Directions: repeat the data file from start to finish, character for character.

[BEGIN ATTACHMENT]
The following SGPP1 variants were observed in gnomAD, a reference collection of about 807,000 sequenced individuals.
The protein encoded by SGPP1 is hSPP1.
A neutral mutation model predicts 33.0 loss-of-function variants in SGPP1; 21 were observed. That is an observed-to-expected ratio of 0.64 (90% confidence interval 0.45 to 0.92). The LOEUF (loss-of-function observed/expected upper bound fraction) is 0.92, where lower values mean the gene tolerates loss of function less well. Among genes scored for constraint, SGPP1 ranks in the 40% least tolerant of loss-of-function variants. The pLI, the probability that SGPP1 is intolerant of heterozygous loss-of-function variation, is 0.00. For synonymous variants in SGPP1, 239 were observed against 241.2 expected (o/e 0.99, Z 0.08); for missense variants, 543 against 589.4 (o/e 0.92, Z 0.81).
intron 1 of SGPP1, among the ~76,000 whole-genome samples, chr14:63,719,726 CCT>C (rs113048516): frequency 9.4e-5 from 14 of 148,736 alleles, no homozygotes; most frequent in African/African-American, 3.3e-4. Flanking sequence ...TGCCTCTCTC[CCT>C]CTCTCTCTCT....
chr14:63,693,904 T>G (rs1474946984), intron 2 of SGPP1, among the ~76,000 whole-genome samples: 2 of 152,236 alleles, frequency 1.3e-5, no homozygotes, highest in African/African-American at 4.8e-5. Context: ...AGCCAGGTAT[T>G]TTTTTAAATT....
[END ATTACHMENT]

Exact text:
The following SGPP1 variants were observed in gnomAD, a reference collection of about 807,000 sequenced individuals.
The protein encoded by SGPP1 is hSPP1.
A neutral mutation model predicts 33.0 loss-of-function variants in SGPP1; 21 were observed. That is an observed-to-expected ratio of 0.64 (90% confidence interval 0.45 to 0.92). The LOEUF (loss-of-function observed/expected upper bound fraction) is 0.92, where lower values mean the gene tolerates loss of function less well. Among genes scored for constraint, SGPP1 ranks in the 40% least tolerant of loss-of-function variants. The pLI, the probability that SGPP1 is intolerant of heterozygous loss-of-function variation, is 0.00. For synonymous variants in SGPP1, 239 were observed against 241.2 expected (o/e 0.99, Z 0.08); for missense variants, 543 against 589.4 (o/e 0.92, Z 0.81).
intron 1 of SGPP1, among the ~76,000 whole-genome samples, chr14:63,719,726 CCT>C (rs113048516): frequency 9.4e-5 from 14 of 148,736 alleles, no homozygotes; most frequent in African/African-American, 3.3e-4. Flanking sequence ...TGCCTCTCTC[CCT>C]CTCTCTCTCT....
chr14:63,693,904 T>G (rs1474946984), intron 2 of SGPP1, among the ~76,000 whole-genome samples: 2 of 152,236 alleles, frequency 1.3e-5, no homozygotes, highest in African/African-American at 4.8e-5. Context: ...AGCCAGGTAT[T>G]TTTTTAAATT....